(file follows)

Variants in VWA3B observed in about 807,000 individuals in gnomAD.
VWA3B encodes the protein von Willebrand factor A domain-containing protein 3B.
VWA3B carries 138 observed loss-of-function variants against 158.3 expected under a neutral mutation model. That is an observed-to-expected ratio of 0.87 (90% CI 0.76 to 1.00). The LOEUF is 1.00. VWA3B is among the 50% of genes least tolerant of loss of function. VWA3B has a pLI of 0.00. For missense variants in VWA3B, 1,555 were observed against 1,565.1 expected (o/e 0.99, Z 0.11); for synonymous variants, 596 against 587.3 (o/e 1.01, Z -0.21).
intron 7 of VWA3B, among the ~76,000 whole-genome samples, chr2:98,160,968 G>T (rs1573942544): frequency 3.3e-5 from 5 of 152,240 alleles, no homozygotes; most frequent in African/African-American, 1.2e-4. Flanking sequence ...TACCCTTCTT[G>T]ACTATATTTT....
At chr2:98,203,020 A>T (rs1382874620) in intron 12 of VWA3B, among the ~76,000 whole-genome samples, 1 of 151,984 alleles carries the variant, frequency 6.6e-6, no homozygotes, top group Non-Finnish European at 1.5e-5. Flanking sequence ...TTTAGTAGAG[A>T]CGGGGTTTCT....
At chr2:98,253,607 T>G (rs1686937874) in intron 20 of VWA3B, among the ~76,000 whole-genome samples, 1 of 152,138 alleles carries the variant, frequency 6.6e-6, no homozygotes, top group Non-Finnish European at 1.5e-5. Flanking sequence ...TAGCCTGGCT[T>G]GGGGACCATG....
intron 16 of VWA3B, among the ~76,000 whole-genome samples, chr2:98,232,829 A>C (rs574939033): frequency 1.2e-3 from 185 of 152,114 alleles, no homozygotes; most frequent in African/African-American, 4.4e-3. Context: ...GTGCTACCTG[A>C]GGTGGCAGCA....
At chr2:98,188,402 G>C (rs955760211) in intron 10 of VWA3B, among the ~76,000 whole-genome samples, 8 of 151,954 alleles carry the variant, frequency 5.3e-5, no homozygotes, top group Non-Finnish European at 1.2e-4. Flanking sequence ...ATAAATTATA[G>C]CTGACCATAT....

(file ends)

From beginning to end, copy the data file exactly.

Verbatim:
Variants in VWA3B observed in about 807,000 individuals in gnomAD.
VWA3B encodes the protein von Willebrand factor A domain-containing protein 3B.
VWA3B carries 138 observed loss-of-function variants against 158.3 expected under a neutral mutation model. That is an observed-to-expected ratio of 0.87 (90% CI 0.76 to 1.00). The LOEUF is 1.00. VWA3B is among the 50% of genes least tolerant of loss of function. VWA3B has a pLI of 0.00. For missense variants in VWA3B, 1,555 were observed against 1,565.1 expected (o/e 0.99, Z 0.11); for synonymous variants, 596 against 587.3 (o/e 1.01, Z -0.21).
intron 7 of VWA3B, among the ~76,000 whole-genome samples, chr2:98,160,968 G>T (rs1573942544): frequency 3.3e-5 from 5 of 152,240 alleles, no homozygotes; most frequent in African/African-American, 1.2e-4. Flanking sequence ...TACCCTTCTT[G>T]ACTATATTTT....
At chr2:98,203,020 A>T (rs1382874620) in intron 12 of VWA3B, among the ~76,000 whole-genome samples, 1 of 151,984 alleles carries the variant, frequency 6.6e-6, no homozygotes, top group Non-Finnish European at 1.5e-5. Flanking sequence ...TTTAGTAGAG[A>T]CGGGGTTTCT....
At chr2:98,253,607 T>G (rs1686937874) in intron 20 of VWA3B, among the ~76,000 whole-genome samples, 1 of 152,138 alleles carries the variant, frequency 6.6e-6, no homozygotes, top group Non-Finnish European at 1.5e-5. Flanking sequence ...TAGCCTGGCT[T>G]GGGGACCATG....
intron 16 of VWA3B, among the ~76,000 whole-genome samples, chr2:98,232,829 A>C (rs574939033): frequency 1.2e-3 from 185 of 152,114 alleles, no homozygotes; most frequent in African/African-American, 4.4e-3. Context: ...GTGCTACCTG[A>C]GGTGGCAGCA....
At chr2:98,188,402 G>C (rs955760211) in intron 10 of VWA3B, among the ~76,000 whole-genome samples, 8 of 151,954 alleles carry the variant, frequency 5.3e-5, no homozygotes, top group Non-Finnish European at 1.2e-4. Flanking sequence ...ATAAATTATA[G>C]CTGACCATAT....